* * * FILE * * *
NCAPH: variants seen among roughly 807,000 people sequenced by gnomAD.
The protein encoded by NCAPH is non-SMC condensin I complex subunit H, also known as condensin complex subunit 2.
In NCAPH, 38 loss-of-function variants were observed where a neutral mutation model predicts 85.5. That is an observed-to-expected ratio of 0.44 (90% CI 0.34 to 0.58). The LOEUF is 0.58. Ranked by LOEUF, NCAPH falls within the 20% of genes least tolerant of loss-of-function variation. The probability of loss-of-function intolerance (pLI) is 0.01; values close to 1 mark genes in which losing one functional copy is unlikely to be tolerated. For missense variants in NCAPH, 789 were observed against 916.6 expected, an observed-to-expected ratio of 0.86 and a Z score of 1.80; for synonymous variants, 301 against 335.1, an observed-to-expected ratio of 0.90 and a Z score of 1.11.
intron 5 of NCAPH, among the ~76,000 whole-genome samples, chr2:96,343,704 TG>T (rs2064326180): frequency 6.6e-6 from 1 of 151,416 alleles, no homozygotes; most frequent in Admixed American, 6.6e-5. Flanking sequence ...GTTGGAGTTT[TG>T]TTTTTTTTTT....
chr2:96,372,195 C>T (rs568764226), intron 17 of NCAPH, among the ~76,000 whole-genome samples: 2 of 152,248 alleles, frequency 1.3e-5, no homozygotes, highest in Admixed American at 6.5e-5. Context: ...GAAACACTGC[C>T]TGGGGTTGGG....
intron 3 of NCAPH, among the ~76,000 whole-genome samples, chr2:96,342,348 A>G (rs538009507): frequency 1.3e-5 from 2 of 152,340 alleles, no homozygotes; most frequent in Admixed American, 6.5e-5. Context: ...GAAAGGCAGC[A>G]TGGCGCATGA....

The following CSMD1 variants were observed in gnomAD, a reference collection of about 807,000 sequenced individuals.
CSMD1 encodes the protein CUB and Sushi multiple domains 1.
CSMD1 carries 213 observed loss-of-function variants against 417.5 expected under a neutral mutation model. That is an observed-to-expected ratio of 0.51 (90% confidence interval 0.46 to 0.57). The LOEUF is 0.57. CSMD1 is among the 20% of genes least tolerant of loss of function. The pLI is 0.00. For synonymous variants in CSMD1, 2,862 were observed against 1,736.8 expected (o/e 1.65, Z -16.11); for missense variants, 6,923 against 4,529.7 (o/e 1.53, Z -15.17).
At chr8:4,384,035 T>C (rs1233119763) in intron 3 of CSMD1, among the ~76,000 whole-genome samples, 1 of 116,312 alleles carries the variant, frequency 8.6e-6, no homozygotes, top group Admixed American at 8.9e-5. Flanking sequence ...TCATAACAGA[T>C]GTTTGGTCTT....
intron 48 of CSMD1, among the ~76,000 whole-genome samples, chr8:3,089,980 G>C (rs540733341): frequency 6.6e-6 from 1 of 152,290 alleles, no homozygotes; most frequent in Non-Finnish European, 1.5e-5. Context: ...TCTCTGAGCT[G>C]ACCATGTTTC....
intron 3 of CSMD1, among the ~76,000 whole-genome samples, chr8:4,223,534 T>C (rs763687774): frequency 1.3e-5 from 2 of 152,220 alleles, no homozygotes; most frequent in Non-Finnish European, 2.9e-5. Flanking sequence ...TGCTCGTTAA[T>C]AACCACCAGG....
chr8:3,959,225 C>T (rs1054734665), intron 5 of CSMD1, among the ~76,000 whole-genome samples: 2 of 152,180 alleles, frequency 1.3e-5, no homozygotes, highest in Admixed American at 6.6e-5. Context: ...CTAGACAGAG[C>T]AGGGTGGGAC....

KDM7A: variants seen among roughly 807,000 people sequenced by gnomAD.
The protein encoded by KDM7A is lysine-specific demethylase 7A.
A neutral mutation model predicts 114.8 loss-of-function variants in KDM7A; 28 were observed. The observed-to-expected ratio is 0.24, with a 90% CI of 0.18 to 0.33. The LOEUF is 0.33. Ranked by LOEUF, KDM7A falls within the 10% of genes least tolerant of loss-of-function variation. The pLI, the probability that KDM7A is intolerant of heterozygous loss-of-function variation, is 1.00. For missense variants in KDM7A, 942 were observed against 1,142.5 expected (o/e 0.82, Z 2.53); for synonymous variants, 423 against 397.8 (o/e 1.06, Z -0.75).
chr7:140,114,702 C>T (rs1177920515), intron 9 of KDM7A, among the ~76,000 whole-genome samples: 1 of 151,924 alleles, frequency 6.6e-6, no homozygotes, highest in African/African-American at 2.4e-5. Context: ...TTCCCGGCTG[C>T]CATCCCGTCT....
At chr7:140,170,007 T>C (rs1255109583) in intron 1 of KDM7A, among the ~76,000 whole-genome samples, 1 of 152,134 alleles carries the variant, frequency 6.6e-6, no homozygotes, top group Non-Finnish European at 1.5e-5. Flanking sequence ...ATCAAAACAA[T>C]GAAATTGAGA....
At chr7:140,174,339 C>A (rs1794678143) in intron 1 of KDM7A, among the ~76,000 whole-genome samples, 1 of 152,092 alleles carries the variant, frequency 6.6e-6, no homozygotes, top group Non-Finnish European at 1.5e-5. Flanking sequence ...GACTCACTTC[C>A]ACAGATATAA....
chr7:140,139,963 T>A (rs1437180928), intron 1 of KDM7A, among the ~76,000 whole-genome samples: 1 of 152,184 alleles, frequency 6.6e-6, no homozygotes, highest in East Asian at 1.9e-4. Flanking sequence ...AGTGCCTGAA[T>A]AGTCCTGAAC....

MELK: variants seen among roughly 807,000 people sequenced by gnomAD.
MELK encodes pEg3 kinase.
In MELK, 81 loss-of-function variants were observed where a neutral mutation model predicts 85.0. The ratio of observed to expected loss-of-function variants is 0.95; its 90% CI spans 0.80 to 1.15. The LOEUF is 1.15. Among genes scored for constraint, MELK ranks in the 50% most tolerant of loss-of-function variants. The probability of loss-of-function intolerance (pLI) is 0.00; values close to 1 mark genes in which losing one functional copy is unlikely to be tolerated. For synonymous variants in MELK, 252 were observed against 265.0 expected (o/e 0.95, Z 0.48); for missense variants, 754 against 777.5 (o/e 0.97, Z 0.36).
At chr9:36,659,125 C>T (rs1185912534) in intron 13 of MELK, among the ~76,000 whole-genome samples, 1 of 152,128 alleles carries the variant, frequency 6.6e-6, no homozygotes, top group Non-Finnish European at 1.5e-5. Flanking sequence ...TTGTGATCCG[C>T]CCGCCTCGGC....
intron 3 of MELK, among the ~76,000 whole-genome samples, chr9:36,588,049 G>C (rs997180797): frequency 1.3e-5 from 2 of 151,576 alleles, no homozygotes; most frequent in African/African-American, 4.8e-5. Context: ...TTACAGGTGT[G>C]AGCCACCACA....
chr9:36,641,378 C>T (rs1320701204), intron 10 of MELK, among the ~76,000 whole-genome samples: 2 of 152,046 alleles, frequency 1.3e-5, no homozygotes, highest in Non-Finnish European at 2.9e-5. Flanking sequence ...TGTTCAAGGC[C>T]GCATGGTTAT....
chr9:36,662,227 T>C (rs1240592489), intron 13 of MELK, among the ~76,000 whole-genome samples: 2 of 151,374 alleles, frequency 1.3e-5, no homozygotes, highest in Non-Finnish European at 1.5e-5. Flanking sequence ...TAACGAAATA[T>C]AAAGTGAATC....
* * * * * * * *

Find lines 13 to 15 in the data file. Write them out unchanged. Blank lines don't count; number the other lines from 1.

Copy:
chr8:3,959,225 C>T (rs1054734665), intron 5 of CSMD1, among the ~76,000 whole-genome samples: 2 of 152,180 alleles, frequency 1.3e-5, no homozygotes, highest in Admixed American at 6.6e-5. Context: ...CTAGACAGAG[C>T]AGGGTGGGAC....

KDM7A: variants seen among roughly 807,000 people sequenced by gnomAD.
The protein encoded by KDM7A is lysine-specific demethylase 7A.